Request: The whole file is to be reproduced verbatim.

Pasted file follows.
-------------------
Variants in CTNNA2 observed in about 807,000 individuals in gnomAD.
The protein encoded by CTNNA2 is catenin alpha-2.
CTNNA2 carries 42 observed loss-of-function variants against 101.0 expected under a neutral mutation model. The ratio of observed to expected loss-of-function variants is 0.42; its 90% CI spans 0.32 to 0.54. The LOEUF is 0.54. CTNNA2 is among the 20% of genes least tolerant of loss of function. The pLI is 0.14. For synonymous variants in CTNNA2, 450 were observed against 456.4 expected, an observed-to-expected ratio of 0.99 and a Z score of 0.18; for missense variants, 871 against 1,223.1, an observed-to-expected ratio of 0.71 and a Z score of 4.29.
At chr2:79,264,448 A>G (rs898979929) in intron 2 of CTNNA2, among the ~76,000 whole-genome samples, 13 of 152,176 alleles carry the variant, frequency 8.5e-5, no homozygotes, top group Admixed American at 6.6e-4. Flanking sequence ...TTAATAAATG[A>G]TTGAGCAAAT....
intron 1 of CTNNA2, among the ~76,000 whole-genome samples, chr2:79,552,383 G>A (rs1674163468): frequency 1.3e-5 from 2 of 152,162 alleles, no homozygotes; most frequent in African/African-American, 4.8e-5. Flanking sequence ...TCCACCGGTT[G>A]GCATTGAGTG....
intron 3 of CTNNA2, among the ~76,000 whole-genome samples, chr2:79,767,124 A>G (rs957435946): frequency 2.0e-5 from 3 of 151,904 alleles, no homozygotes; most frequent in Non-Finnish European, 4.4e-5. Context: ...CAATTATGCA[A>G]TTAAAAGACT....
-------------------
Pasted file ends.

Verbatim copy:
Variants in CTNNA2 observed in about 807,000 individuals in gnomAD.
The protein encoded by CTNNA2 is catenin alpha-2.
CTNNA2 carries 42 observed loss-of-function variants against 101.0 expected under a neutral mutation model. The ratio of observed to expected loss-of-function variants is 0.42; its 90% CI spans 0.32 to 0.54. The LOEUF is 0.54. CTNNA2 is among the 20% of genes least tolerant of loss of function. The pLI is 0.14. For synonymous variants in CTNNA2, 450 were observed against 456.4 expected, an observed-to-expected ratio of 0.99 and a Z score of 0.18; for missense variants, 871 against 1,223.1, an observed-to-expected ratio of 0.71 and a Z score of 4.29.
At chr2:79,264,448 A>G (rs898979929) in intron 2 of CTNNA2, among the ~76,000 whole-genome samples, 13 of 152,176 alleles carry the variant, frequency 8.5e-5, no homozygotes, top group Admixed American at 6.6e-4. Flanking sequence ...TTAATAAATG[A>G]TTGAGCAAAT....
intron 1 of CTNNA2, among the ~76,000 whole-genome samples, chr2:79,552,383 G>A (rs1674163468): frequency 1.3e-5 from 2 of 152,162 alleles, no homozygotes; most frequent in African/African-American, 4.8e-5. Flanking sequence ...TCCACCGGTT[G>A]GCATTGAGTG....
intron 3 of CTNNA2, among the ~76,000 whole-genome samples, chr2:79,767,124 A>G (rs957435946): frequency 2.0e-5 from 3 of 151,904 alleles, no homozygotes; most frequent in Non-Finnish European, 4.4e-5. Context: ...CAATTATGCA[A>G]TTAAAAGACT....